Some of these children have had cases pending for years by virtue of an unjust system, and through this amendment they have now “aged out” of their right to apply to become Malaysian.  

Further negatively impacting families and children, the amendments will remove the ability for permanent residents to register their Malaysian-born children as citizens — a decision which threatens to exacerbate statelessness.

This is particularly the case for underserved and Orang Asli and Orang Asal communities living outside of urban centres, where individuals are classified as permanent residents in their country of birth, to which they are indigenous to, all due to their lack of documentation. 

The only silver lining to all this is that the Citizenship Bill has not yet been passed. We urge the government to refer the Bill to a Parliamentary Special Select Committee to be refined further in order to ensure it is genuinely Gender Equitable and non-discriminatory before being tabled again.   

The Questionable 

Sometimes, policies can be well-intentioned, but lack a holistic gender lens.

During his International Women’s Day speech, the Prime Minister proposed that female civil servants be given the option to work fewer hours so they could better balance work and family duties.

However, with the reduction in office hours, their wages may also be revised downwards accordingly.  

While this proposal highlights the very real struggle experienced by working women, especially when their “double burden” of simultaneously tending to work and home commitments significantly impacts their physical and mental wellbeing, it sidesteps one crucial component: the reality of how Unpaid Care Work (UCW) is disproportionately borne by women.  

By reducing women’s working hours and their pay, the government risks further entrenching gendered Unpaid Care Work norms and worsening the significant 33.33 per cent gender pay gap as noted by the Department of Statistics in 2023.  

The now well-cited Time Use study in 2018 by Khazanah Research Institute (KRI) revealed that women devote 3.6 hours of their time to Unpaid Care Work – 63.6 per cent more than men at just 2.2 hours.  

The government has indeed expressed their commitment time and time again to empowering women and increasing female LFPR from 56 to 60 per cent within 10 years, but the problem must be tackled at its root.

Unpaid Care Work must be shared equitably between men and women, particularly while the care industry infrastructure is still lacking.

At the policy level, the government must begin to value and make visible the important role Unpaid Care Work plays in our societies and economies.  

Overlooking the gender gap in crucial caregiving and domestic duties also means we will be unable to address the gaping economic inequality due to gender — whether in terms of women’s LFPR, career longevity, and promotion prospects, or unequal wages and income across industries.  

Unpaid Care Work is the missing link. It is important for the government to acknowledge and take action in this across economic policymaking and budgetary allocations.

We must make our care economies visible and acknowledge it as the central force driving our economic engine.  

To echo the recently published report by the World Health Organization: “Fair share for health and care: gender and the undervaluation of health and care work”.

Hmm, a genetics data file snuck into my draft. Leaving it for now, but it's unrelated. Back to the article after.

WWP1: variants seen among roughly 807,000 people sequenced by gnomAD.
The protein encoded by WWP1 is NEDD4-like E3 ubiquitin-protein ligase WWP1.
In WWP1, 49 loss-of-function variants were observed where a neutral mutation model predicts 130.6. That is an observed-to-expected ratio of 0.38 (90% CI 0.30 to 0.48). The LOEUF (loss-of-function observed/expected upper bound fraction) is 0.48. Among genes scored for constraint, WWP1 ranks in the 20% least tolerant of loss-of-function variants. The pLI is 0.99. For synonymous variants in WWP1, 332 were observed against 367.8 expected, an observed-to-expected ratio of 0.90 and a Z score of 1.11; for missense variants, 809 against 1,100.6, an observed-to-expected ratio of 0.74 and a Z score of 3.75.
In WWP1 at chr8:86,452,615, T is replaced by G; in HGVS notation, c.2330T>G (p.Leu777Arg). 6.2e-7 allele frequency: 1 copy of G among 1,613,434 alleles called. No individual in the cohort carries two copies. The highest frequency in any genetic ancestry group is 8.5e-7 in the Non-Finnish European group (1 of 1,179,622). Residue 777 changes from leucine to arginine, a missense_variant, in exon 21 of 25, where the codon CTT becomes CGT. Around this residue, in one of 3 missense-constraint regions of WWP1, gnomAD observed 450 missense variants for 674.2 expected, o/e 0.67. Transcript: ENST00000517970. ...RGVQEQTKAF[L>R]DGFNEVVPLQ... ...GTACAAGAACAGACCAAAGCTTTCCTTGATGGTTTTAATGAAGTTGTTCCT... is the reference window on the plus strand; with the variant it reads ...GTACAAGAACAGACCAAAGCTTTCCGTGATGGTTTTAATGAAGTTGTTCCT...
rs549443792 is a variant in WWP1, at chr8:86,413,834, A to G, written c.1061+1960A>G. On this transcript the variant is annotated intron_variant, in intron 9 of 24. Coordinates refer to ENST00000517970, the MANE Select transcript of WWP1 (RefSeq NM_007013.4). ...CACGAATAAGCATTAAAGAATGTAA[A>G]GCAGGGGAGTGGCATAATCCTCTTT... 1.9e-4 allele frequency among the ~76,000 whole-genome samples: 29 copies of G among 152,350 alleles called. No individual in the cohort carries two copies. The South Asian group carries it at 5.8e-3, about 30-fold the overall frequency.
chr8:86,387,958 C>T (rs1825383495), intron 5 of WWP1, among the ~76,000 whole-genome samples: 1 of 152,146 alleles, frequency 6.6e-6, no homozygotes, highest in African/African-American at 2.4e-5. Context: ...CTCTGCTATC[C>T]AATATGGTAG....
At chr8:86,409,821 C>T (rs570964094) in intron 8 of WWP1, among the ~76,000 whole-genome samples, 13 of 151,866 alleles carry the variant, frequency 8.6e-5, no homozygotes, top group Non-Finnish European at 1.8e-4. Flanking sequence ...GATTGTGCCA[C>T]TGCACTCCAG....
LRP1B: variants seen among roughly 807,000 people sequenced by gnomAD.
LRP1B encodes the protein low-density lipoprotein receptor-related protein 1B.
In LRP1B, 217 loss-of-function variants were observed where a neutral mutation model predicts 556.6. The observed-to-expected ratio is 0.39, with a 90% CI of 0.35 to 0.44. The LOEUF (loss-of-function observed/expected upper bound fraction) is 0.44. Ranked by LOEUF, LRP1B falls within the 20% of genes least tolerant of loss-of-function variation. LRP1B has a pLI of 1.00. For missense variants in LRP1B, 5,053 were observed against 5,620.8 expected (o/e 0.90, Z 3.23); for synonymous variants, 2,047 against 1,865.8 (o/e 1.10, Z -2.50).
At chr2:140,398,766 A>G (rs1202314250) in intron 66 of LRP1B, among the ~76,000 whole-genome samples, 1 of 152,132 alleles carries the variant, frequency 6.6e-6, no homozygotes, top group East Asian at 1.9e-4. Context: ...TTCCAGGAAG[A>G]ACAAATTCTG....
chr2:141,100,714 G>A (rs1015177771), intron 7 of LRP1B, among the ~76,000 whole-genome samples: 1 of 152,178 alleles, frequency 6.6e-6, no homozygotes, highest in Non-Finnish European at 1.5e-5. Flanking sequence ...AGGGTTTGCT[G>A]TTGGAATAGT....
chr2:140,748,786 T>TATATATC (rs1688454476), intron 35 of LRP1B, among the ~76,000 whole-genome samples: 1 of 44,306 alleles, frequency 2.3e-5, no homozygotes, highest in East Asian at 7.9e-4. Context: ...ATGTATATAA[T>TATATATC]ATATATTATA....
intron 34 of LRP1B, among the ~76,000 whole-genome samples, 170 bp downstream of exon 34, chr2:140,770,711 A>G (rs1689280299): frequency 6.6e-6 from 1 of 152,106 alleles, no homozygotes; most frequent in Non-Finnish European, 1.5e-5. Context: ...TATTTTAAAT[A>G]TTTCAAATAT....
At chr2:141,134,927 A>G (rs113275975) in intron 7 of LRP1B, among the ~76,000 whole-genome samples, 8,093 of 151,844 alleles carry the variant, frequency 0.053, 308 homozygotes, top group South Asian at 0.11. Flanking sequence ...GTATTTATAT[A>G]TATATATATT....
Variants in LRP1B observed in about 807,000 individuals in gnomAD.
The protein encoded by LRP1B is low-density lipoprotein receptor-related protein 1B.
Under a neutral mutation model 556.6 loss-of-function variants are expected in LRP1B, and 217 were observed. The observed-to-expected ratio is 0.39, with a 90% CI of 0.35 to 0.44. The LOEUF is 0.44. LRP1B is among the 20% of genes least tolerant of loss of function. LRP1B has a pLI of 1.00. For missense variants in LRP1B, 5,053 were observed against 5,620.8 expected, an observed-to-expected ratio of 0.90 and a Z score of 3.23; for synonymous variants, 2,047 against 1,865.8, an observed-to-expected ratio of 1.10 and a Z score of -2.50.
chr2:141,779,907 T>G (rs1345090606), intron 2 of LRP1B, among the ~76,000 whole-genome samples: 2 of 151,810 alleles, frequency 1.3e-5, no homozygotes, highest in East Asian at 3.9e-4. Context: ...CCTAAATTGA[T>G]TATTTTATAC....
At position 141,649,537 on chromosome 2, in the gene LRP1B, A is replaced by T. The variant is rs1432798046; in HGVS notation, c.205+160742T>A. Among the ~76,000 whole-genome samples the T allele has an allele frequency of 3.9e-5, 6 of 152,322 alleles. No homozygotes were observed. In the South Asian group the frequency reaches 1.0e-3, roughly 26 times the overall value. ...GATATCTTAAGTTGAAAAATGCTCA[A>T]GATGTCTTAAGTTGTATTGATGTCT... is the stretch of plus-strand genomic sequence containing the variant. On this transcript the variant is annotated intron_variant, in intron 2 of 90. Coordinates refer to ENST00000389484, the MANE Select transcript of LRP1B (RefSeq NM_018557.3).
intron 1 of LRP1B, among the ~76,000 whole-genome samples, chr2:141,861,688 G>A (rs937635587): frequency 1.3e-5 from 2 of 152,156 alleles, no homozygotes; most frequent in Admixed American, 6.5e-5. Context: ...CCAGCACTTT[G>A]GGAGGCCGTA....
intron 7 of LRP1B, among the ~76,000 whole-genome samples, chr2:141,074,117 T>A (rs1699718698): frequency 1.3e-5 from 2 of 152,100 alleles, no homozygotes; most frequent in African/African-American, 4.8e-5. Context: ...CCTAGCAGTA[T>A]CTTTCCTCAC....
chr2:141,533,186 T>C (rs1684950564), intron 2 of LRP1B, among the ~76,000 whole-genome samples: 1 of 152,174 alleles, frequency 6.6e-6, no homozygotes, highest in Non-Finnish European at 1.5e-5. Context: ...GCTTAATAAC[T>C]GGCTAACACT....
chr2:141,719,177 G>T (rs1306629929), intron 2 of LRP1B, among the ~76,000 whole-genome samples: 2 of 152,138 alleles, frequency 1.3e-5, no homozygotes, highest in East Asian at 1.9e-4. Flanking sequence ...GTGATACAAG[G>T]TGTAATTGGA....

To achieve true gender equality, we must invest in our health and care infrastructures — from strengthening our health care systems to providing essential child and elderly care — all especially crucial for Malaysia’s near future demographics, as birth rates fall while the population is also rapidly ageing. 

Where Do We Go From Here?  

In line with this year’s theme for International Women’s Day, “Invest in Women: Accelerate Progress”, we have already been seeing the government’s willingness to invest in the safety of our women and girls, through the commitment to establishing “safe schools” and the newly operational Anti-Sexual Harassment Tribunal. 

However, “Investing in women” also means ensuring their fundamental constitutional rights to equal citizenship — both retroactively and in the future — as advocacy groups such as Family Frontiers have been tirelessly campaigning.  

Finally, it is vital that the policies we implement are evidence-based and solutions oriented, tackling problems at their root, or else we are merely being performative.  

Often, meaningful societal change is driven by slow and difficult structural change, and for long-standing issues like economic gender inequality, there are no quick fixes.  

For any government committed to achieving gender equality, it is crucial that this vision is shared equally between all ministries — however, it is especially important for key ministries such as the Ministry of Finance and the Ministry of Economy to take the lead.  

With their buy-in and leadership in carving out Malaysia’s vision for a robust care economy and working to strengthen our health and care infrastructures, Malaysia will be taking significant steps to creating healthier gender dynamics and fostering shared duties of care — and through that, ensuring women’s equal participation in public, political and economic life.   

All of which is the foundation of national development to benefit every Malaysian, not just women.  

Malaysia Women and Girls Forum (MWGF) is an annual event that brings together multiple stakeholders involved in the social and economic advancement of women and girls in Malaysia.

MWGF aims to be the bridge that connects the public, civil society and policy stakeholders in rapidly advancing the necessary social, economic and political solutions needed for Malaysia’s women and girls. 

  • This is the personal opinion of the writer or publication and does not necessarily represent the views of Ova.